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In 1962 the American space program is in trouble. Sputnik 1 has been successfully launched and is merrily orbiting the Earth. Al Harrison (Kevin Costner) is the director of the Space Task Group, the team primarily in charge of getting astronauts up into space. Hopefully without the rockets blowing up on the launch pad. Harrison is under a lot of pressure to get America into the space race in a big way and he needs someone who can do analytic geometry, do it quickly and do it right. The acting supervisor of the Colored Computers Group Dorothy Vaughn (Octavia Spencer) says that there’s only one woman for the job; Katherine Goble (Taraji P. Henson) who as a child was a mathematical prodigy, beginning college at the age of 15.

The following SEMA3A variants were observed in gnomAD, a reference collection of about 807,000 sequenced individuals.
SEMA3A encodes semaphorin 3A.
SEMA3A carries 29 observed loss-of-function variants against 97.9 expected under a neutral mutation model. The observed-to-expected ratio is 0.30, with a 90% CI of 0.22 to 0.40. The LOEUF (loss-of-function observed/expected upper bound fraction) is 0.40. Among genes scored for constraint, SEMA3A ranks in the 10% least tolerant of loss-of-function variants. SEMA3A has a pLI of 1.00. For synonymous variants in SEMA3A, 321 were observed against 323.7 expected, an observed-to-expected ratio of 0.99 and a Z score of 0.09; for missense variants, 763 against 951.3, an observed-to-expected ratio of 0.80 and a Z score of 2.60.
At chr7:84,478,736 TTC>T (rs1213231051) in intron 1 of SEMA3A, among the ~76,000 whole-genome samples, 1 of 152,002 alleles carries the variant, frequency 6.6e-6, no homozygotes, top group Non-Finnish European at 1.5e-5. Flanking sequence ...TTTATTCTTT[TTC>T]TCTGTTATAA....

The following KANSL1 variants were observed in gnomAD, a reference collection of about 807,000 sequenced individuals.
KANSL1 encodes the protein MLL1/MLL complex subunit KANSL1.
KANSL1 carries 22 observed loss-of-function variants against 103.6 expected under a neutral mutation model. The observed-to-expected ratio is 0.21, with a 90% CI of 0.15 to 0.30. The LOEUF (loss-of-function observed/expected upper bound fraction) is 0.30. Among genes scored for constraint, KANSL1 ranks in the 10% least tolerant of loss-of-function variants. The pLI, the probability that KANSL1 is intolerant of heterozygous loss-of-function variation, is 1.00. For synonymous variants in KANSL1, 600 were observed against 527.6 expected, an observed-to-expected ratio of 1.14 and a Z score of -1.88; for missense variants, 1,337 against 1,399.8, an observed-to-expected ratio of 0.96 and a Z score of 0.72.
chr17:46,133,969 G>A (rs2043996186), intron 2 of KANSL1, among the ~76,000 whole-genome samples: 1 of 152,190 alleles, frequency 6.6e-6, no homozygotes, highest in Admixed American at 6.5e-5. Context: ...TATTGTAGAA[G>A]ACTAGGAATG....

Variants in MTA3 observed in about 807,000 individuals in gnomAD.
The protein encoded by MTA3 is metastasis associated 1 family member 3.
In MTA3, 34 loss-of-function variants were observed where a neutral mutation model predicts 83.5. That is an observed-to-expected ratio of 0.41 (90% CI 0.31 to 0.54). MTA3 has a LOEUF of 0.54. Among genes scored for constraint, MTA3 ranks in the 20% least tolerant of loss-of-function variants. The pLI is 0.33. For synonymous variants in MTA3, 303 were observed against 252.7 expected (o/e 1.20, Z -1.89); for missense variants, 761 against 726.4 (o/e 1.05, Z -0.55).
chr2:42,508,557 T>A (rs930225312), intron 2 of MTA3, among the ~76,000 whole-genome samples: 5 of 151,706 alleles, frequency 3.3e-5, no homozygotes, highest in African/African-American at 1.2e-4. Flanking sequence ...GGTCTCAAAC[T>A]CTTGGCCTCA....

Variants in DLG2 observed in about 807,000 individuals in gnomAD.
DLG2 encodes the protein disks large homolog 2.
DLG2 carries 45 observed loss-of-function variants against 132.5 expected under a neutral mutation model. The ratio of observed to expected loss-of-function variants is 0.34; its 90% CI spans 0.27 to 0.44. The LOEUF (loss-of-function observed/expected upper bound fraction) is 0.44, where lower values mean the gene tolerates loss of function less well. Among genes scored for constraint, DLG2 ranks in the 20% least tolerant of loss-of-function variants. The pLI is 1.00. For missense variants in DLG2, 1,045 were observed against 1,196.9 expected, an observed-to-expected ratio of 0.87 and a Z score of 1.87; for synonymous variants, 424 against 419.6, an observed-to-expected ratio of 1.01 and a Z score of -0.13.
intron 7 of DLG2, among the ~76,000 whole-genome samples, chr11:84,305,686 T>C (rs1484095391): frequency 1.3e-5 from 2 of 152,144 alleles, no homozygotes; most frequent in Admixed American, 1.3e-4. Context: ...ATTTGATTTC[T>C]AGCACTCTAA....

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Mathematical genius or not, Katherine is still a black woman in the Jim Crow South and as such is still looked at as being just that: a black woman. No more and no less. She can’t even drink coffee from the same pot as her co-workers and has to walk/run half a mile back to the building where she used to work to relieve herself as the building housing the Space Task group has no Colored restroom. Not to mention the harassment she has to deal with from her immediate supervisor Paul Stafford (Jim Parsons) who gives her incomplete data, saying that she does not have the proper security clearances but yet he still expects her to make sense out of it and turn in accurate calculations.